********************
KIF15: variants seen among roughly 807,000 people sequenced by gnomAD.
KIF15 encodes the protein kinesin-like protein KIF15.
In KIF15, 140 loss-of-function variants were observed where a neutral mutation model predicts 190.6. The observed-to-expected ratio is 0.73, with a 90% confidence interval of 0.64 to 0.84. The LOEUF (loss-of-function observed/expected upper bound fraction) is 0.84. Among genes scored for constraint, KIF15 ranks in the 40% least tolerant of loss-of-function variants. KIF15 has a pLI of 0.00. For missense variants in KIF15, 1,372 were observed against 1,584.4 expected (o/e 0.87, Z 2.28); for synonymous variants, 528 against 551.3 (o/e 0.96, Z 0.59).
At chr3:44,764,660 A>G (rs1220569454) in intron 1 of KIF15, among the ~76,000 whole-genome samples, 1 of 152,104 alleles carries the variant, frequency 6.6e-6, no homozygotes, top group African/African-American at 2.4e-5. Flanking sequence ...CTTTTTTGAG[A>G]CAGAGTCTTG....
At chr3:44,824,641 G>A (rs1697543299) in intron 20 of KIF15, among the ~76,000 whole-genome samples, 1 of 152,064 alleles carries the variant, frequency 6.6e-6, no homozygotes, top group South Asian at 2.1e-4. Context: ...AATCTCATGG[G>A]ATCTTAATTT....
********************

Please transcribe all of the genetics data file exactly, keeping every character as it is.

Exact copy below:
KIF15: variants seen among roughly 807,000 people sequenced by gnomAD.
KIF15 encodes the protein kinesin-like protein KIF15.
In KIF15, 140 loss-of-function variants were observed where a neutral mutation model predicts 190.6. The observed-to-expected ratio is 0.73, with a 90% confidence interval of 0.64 to 0.84. The LOEUF (loss-of-function observed/expected upper bound fraction) is 0.84. Among genes scored for constraint, KIF15 ranks in the 40% least tolerant of loss-of-function variants. KIF15 has a pLI of 0.00. For missense variants in KIF15, 1,372 were observed against 1,584.4 expected (o/e 0.87, Z 2.28); for synonymous variants, 528 against 551.3 (o/e 0.96, Z 0.59).
At chr3:44,764,660 A>G (rs1220569454) in intron 1 of KIF15, among the ~76,000 whole-genome samples, 1 of 152,104 alleles carries the variant, frequency 6.6e-6, no homozygotes, top group African/African-American at 2.4e-5. Flanking sequence ...CTTTTTTGAG[A>G]CAGAGTCTTG....
At chr3:44,824,641 G>A (rs1697543299) in intron 20 of KIF15, among the ~76,000 whole-genome samples, 1 of 152,064 alleles carries the variant, frequency 6.6e-6, no homozygotes, top group South Asian at 2.1e-4. Context: ...AATCTCATGG[G>A]ATCTTAATTT....